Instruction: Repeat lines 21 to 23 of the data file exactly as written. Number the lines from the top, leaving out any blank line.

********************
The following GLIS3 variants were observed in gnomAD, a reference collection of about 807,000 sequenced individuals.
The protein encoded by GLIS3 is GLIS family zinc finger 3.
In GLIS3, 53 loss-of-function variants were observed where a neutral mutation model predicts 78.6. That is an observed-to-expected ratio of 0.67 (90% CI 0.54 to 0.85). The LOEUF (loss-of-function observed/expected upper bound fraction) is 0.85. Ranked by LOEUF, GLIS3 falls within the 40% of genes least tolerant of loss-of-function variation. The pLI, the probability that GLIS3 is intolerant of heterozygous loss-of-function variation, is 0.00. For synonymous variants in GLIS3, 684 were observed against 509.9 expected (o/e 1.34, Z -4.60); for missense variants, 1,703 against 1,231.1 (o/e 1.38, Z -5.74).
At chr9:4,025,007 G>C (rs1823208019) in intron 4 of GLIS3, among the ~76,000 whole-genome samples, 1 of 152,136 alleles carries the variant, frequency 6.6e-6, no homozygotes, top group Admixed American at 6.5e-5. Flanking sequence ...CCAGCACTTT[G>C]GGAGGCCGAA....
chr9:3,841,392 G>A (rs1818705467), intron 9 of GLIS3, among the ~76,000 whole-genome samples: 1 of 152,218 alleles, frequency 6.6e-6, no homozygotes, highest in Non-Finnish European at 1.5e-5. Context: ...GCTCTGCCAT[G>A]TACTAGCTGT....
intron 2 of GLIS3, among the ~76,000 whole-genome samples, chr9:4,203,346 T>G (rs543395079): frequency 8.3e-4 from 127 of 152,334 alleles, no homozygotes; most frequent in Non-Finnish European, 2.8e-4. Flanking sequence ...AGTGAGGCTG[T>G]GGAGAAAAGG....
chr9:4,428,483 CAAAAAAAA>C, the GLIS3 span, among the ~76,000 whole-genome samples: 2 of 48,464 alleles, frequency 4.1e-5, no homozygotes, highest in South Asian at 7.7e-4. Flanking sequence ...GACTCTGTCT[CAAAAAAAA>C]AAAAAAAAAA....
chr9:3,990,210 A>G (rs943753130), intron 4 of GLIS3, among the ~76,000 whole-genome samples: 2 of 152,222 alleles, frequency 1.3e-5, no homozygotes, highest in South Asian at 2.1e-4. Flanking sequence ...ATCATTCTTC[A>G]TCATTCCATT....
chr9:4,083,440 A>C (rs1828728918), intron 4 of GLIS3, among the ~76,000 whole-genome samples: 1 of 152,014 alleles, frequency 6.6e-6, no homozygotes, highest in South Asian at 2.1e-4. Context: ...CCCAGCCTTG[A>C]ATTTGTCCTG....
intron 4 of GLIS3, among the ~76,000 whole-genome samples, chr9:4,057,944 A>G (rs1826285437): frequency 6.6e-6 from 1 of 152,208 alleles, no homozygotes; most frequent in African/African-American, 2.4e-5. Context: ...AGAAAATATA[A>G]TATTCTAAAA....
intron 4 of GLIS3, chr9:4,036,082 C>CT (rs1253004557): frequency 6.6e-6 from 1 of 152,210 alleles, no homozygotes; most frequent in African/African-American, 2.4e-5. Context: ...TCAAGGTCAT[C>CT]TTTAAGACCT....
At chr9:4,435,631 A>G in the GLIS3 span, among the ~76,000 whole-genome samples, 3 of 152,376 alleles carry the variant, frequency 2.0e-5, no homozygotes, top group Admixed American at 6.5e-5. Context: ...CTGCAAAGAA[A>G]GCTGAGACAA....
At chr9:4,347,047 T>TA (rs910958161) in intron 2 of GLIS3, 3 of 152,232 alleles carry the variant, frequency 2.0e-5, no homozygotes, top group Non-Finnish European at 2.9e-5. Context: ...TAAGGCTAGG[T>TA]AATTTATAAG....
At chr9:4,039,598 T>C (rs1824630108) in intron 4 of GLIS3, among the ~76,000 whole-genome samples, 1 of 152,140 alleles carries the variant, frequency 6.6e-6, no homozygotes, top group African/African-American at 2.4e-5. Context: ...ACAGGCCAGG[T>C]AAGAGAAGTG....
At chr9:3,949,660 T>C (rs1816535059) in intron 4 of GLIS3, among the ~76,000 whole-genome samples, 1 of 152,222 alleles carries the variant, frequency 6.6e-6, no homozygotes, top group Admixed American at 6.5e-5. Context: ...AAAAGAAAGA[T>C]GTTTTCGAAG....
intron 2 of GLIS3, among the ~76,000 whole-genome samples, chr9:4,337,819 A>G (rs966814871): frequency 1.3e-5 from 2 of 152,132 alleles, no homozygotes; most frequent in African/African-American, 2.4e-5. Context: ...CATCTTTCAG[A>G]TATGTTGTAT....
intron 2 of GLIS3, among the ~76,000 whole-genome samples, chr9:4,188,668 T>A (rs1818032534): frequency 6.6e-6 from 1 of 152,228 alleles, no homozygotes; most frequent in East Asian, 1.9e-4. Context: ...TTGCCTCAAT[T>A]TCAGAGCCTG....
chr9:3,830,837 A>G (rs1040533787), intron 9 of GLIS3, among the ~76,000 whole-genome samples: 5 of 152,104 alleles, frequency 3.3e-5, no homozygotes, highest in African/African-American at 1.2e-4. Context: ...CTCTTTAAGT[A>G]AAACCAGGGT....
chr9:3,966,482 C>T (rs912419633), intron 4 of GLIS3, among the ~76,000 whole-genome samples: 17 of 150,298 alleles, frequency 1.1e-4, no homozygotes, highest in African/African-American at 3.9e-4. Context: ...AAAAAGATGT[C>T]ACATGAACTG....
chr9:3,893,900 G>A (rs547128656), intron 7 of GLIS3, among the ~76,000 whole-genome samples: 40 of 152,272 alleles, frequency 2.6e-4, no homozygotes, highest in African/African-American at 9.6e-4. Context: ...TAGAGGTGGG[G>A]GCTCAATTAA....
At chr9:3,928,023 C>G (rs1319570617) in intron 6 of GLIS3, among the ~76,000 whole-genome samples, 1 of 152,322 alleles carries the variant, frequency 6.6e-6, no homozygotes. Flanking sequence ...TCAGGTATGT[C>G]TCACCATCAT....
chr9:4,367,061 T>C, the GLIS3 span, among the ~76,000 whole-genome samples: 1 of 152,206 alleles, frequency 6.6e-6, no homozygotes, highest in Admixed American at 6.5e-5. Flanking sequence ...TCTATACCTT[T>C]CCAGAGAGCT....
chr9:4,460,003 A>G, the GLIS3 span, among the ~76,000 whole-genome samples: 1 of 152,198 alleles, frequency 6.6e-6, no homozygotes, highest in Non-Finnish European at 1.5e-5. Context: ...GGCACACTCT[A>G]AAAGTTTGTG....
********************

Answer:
At chr9:3,928,023 C>G (rs1319570617) in intron 6 of GLIS3, among the ~76,000 whole-genome samples, 1 of 152,322 alleles carries the variant, frequency 6.6e-6, no homozygotes. Flanking sequence ...TCAGGTATGT[C>G]TCACCATCAT....
chr9:4,367,061 T>C, the GLIS3 span, among the ~76,000 whole-genome samples: 1 of 152,206 alleles, frequency 6.6e-6, no homozygotes, highest in Admixed American at 6.5e-5. Flanking sequence ...TCTATACCTT[T>C]CCAGAGAGCT....
chr9:4,460,003 A>G, the GLIS3 span, among the ~76,000 whole-genome samples: 1 of 152,198 alleles, frequency 6.6e-6, no homozygotes, highest in Non-Finnish European at 1.5e-5. Context: ...GGCACACTCT[A>G]AAAGTTTGTG....